In short I just think you have the complete wrong idea concerning IGA's motives behind creating the canon for this series, interviews through the years if you have been keeping up would let you know this is a guy who loved the series, has been humble and not big headed in the slightest, and only did what he did to try to give fans the most coherent lore he possibly could.

She is stating more than that dude, statements such as these,

Namely the bolded part shows that she is of a opinion that IGA is apparently a selfish man who wants and does things heavy handed and absolutist and feels fans needs to  "learn to like it" and as I said IGA simply is just not that type of guy which is obvious to anyone who actually has been watching his work, conduct, and interviews through the years.

I really don't know why some people seem to enjoy taking the harshest possible read on my word choice on this forum, but okay. This isn't exactly new for me here.

To clarify: I'm a fan of Igarashi. I think he saved Castlevania from inevitable obscurity for at least a decade. He made a golden age out of a shit ton of tarnishing bronze. Under him, Castlevania truly found itself because he brought together the people who would redefine it into its current gothic fantasy identity, like Ayami Kojima and Michiru Yamane.

But the way he did it stepped on a LOT of toes. This was, unfortunately, necessary. As the saying goes, "you can't make an omelette without breaking a few eggs".

By unifying the canon, Iga had set out to make one hell of an omelette, and one of my favorite characters got lost in the crossfire. It's wretched unfortunate, but the price, in the end, was one I was ultimately willing to pay. Because as much as I love the idea of her, Sonia Belmont wasn't exactly handled with a lot of dexterity by her writers and her game was a bit of a mess that contradicted Castlevania 3 a bit, and that's just one thing that Castlevania fans don't ever allow. There are things that just aren't done, and contradicting CV3 is one of those.

So I'm not badmouthing Iga here. I think he was in a position where he'd never have gotten anything done if he'd refused to piss someone off, especially in 2000-2001 as he was readying LoI to be the first step in his grand vision of a Castlevania timeline.

So yeah, I wish he'd rebooted Sonia.
I wish he hadn't stepped on so many toes when crafting LoI even though there was no possible way to do so. I'm human. We occasionally want things we know are impossible.
I wish Lament of Innocence had a more original and essential story (my original point here).
But I don't hate Iga. I pretty much adore every game he crafted in his time as the Executive Producer. Lament of Innocence is, by virtue of the gameplay and music alone, one of the best entries in the series. I'm glad we have it. I'm glad Iga made it.

But it is his rubber stamp moment. It was the definitive moment wherein he made the series his.

And we did have to learn to like it.

That's not opinion. That's documented fact.

I don't hate him for making a necessary management decision that every showrunner who'd ever taken over from someone else has had to make. So no, I don't hate Iga or his first episode on the job, just like I don't hate Russell T Davies for Rose or Steven Moffat for The Eleventh Hour on Doctor Who, or Disney for The Force Awakens or Iron Man 3 even though they are all supremely rough spots for one reason or another.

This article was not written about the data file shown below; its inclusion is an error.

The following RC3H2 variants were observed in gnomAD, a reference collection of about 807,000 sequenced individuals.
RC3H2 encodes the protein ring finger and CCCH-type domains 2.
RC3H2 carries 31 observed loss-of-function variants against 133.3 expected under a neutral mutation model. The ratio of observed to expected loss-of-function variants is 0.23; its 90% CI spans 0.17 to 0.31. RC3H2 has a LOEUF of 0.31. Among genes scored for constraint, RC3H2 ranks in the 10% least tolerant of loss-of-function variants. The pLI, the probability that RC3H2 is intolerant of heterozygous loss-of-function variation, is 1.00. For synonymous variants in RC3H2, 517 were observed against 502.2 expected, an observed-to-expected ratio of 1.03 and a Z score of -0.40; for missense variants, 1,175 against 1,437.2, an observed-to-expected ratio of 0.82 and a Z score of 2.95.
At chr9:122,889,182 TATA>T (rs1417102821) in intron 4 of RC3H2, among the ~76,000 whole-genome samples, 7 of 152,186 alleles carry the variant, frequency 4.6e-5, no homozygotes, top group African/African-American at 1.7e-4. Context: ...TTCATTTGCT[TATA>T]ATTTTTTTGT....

But Lament of Innocence was definitely and categorically the point where the series changed from one thing into something else. And change is always difficult and often painful.

As for Iga, he's a wonderful man with a lot of passion for his art that I share. I don't think he's selfish in the slightest.

To this day I do not get the ire some fans got from the fact that this or that game is not canon. And every time I ask (save very few exceptions), the ire comes from a misconception.

A game not being canon doesn't mean it "doesn't exist" or that it is "less" than the canon ones. My favorite classicvania is not canon and I don't give a singular shit about it.

Canon is fun because "story", but that's pretty much it. Castlevania's focus is not the story, so I don't get what the big deal is.

Because we get invested in things we like, and we like those things to have value in the greater scope. Cutting a game from the timeline removes its narrative value because it can no longer effectively contribute. Things we want to see built on can no longer be built on. Oftentimes characters we love are doomed to the ash heap of "enjoy never seeing them again, ever", which has so far been true for Legends.

People get mad about Legends not because they enjoyed the game so much as because they enjoyed the doors it opened. By striking it from canon, there was a very real perception (that has so far been proven right) that those doors have been slammed shut and locked forever. People who were upset about Sonia Belmont being thrown away weren't suddenly and arbitrarily made happy again when Shanoa cropped up almost a decade later just because we had a heroine again. We didn't like Sonia because she had pixellated titties. We liked Sonia Belmont, not the general idea of a female protagonist. Fortunately Shanoa became as or more compelling a character than Sonia. But the equivalence between the two characters and stories that several people on several forums have tried to make over the years does not exist.